Doing Jurisprudence Historically: Interpreting Hart Through J.L. Austin
Brunel Law School
November 25, 2010
Warwick School of Law, Research Paper No. 2010/28
The article addresses the jurisprudential methodology adopted by H.L.A. in The Concept of Law. Hart himself makes very few comments in the book regarding his methodology, and this has resulted in commentators reaching conflicting views as to his approach.
The article argues that contemporary discussions of Hart have paid inadequate attention to Hart's intellectual context at the time he was developing the ideas that ultimately appeared in Concept. It then demonstrates that an appropriate attention to the work of Hart's friend and colleague J.L. Austin, can usefully illuminate certain issues regarding Hart's methodology.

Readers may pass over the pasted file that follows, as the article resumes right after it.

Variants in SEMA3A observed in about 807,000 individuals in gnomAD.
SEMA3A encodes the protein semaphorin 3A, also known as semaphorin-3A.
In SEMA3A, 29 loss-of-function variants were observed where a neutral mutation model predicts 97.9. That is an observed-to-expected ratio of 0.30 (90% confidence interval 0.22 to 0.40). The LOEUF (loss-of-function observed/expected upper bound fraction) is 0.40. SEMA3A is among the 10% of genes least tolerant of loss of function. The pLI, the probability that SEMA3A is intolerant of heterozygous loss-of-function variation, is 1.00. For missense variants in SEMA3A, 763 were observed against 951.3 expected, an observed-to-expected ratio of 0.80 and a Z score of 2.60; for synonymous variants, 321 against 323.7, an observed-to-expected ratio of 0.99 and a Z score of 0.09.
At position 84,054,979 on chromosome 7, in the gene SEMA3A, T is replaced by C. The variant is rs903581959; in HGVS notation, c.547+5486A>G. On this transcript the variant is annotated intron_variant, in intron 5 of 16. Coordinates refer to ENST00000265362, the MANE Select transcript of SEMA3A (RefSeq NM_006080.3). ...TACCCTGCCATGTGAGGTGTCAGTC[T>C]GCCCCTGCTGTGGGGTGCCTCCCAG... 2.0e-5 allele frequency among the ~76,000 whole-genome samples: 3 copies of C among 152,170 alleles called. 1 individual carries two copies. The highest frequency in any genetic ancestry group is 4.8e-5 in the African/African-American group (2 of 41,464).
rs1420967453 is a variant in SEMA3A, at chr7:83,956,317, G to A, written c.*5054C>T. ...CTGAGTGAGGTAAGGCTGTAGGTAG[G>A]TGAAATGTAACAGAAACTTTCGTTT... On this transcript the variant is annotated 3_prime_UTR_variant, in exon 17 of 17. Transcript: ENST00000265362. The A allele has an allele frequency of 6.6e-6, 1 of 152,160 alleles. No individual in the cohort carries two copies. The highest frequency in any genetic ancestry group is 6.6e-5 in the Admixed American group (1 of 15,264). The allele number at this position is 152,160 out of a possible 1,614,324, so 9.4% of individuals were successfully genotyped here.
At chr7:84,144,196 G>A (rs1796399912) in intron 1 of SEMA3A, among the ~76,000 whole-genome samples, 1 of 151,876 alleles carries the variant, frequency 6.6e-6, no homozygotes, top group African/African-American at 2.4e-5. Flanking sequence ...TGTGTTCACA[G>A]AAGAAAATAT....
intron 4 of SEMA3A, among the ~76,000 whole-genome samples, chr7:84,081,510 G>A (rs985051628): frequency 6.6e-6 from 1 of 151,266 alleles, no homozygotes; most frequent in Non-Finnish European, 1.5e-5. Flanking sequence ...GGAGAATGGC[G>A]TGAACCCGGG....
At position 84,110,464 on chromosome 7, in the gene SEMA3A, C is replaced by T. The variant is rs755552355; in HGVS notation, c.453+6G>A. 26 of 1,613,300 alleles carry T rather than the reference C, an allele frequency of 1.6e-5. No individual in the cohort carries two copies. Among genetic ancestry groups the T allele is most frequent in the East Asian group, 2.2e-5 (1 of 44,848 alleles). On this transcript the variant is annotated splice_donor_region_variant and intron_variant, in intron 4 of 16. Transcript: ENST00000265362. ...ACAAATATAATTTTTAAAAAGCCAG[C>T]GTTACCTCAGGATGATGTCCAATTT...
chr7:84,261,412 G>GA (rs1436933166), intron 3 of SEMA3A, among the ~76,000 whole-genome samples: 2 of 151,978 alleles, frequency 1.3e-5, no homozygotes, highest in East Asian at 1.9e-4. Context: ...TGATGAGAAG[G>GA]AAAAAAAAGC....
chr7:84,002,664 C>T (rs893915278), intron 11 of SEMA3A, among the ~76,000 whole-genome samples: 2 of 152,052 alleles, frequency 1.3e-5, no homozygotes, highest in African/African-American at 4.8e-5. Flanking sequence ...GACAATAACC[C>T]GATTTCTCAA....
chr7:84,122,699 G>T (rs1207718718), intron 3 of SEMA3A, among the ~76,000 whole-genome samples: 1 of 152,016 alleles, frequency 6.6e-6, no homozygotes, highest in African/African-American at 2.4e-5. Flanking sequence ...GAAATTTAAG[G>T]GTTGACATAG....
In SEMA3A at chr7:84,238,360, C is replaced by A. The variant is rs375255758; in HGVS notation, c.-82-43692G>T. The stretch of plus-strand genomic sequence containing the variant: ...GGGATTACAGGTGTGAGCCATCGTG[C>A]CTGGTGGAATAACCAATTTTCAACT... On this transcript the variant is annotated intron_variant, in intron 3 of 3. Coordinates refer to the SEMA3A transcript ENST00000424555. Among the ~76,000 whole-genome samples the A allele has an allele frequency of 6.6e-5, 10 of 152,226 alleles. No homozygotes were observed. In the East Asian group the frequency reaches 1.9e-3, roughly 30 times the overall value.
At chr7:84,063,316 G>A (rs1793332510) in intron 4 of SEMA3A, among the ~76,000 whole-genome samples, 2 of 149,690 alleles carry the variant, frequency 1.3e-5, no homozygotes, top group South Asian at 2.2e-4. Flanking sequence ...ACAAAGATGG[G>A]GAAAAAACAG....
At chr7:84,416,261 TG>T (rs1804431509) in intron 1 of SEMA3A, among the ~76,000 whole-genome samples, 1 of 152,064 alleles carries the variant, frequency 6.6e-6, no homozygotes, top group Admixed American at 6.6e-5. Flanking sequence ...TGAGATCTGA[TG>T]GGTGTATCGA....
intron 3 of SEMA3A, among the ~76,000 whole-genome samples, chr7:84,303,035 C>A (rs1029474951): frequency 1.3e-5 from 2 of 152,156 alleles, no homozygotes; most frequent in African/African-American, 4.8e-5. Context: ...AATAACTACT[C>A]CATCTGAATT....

The article does not, that is, argue that Concept is an "Austinian" book, but rather that there are certain aspects of Hart's methodology in Concept that can be traced to views advocated by Austin. This is demonstrated through a detailed discussion of certain elements of Austin's philosophy, combined with an illustration that these ideas can also be found in Concept and in works by Hart leading up to it. Having reached this conclusion, it is demonstrated how attributing these specific views to Hart can shed light on longstanding areas of conflict regarding Hart's methodology in Concept.
Number of Pages in PDF File: 63
Keywords: Austin, Jurisprudence, Hart, Concept of Law
JEL Classification: K10working papers series
Date posted: November 26, 2010 ; Last revised: April 22, 2011
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